She looked up and said, “Oh, yeah. It’s a thrill a minute here.”

And that would have been that on any other day. But today I was working really hard on using my powers of observation. I actually looked at her. And lo and behold I noticed something.

“New tattoo?”

She looked at her shoulder self-consciously. “No, well, sort of. I got this last month.” It was a butterfly.

I was about to launch into my usual tirade about tattoos–how it’s impossible to put something truly cool on your body, how lame girls get sayings in languages they don’t speak, how people make frivolous decisions that last forever–but I stopped myself. I think I’m funny. But the conversation isn’t just about me. Instead, I listened. Paid attention. And this is what I said:

“How many tattoos do you have?”

Not totally fascinating or surprising, but effective. I was being interested in her.

We talked for probably ten minutes. She has a boyfriend. She lives in West Hollywood. She went to Cal. State Fullerton. She’s thinking about going back to school for social work.

To be honest, I was a little bored. But it was weird, I felt like I was auditioning her, not the other way around. She was doing most of the talking and so I didn’t have to perform. I wasn’t trying to be funny or charming or interesting. I was just listening to her. And that made it so I could gather information, find out if I liked her, as a person. And she was basically fine. We are infinitely closer now than before. It wasn’t some magical connection but the point is I felt like I was doing the deciding about the future of our relationship.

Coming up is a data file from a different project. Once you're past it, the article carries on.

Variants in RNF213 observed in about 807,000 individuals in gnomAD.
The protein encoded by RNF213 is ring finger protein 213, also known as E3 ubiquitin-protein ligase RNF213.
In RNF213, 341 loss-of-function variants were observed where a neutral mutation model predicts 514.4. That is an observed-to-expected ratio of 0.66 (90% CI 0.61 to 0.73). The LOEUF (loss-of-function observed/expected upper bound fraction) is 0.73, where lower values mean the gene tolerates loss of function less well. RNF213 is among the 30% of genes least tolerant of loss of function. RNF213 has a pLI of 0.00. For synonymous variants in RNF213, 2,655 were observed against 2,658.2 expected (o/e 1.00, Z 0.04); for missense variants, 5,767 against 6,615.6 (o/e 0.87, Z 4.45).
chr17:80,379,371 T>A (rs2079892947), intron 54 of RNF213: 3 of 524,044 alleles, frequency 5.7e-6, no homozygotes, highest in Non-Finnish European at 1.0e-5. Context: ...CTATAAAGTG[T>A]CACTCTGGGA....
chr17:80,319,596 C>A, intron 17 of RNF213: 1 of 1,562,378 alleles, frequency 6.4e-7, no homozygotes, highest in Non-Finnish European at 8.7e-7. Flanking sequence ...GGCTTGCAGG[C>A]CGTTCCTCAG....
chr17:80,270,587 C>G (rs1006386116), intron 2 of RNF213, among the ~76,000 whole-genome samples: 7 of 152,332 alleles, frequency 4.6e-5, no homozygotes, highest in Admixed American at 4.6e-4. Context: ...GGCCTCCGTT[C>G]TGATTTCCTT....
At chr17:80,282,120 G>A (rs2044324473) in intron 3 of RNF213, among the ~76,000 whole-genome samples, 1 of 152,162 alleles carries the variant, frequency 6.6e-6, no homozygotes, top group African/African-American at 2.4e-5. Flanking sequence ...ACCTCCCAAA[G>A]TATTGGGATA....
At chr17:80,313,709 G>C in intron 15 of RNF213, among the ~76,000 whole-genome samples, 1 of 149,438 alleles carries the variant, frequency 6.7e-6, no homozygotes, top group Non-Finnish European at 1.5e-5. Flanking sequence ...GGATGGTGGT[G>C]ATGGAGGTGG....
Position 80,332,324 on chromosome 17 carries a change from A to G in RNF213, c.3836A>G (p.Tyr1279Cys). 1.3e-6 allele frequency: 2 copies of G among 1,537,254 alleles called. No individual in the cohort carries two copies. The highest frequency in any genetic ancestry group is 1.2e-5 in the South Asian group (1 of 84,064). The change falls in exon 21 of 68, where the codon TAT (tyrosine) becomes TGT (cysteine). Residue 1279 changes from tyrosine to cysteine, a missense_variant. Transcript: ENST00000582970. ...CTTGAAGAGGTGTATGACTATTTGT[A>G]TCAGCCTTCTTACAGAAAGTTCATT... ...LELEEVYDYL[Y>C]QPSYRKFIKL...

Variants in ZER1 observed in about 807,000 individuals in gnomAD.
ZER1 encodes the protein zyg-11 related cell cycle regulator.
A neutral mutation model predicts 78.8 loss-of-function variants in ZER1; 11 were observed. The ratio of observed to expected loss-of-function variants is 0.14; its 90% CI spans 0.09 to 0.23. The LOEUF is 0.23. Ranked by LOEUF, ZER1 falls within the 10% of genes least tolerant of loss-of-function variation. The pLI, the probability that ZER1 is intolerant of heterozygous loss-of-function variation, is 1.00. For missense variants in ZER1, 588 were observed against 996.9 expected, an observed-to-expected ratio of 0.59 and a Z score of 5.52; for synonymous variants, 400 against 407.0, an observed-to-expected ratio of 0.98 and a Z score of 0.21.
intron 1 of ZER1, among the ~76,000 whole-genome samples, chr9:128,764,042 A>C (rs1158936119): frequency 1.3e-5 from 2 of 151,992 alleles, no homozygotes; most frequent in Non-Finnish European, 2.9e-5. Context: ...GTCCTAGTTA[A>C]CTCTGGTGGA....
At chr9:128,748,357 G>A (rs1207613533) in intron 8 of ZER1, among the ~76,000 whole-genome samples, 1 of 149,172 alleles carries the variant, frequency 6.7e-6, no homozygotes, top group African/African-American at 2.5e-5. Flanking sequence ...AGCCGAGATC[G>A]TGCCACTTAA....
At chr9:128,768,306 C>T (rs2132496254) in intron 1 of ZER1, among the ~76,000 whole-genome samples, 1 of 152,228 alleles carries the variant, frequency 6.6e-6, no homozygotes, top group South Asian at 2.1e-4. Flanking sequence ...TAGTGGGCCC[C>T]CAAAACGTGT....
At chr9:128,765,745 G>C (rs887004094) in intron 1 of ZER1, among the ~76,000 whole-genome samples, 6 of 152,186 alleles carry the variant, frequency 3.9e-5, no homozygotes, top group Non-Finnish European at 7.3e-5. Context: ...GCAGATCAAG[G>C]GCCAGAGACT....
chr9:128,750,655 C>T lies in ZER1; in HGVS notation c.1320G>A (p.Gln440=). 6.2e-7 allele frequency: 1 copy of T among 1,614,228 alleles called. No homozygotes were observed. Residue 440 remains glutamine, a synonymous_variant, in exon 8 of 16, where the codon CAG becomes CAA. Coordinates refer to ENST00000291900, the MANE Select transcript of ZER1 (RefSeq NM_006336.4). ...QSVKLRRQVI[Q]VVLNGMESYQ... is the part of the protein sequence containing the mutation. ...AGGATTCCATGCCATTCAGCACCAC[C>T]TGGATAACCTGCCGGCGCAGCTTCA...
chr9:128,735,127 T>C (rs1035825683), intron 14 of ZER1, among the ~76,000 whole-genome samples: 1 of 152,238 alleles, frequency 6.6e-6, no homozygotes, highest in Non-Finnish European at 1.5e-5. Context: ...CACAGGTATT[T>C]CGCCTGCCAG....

Maybe that’s key to talking to women. Don’t talk, just listen. Don’t audition, make them audition. Then, if I really like the person, I’d be armed with a million facts about her to segue the conversation into something more.

Back at my desk, about twenty minutes later, something occurred to me. Was I flirting?

Bao Guy

Sorry, I had to work late.

Anyway, so we’ve been working hard on this big deal and I went over to the mall to grab lunch to go. I got a salad at Take a Bao and I got their plumberry iced tea. It’s really good.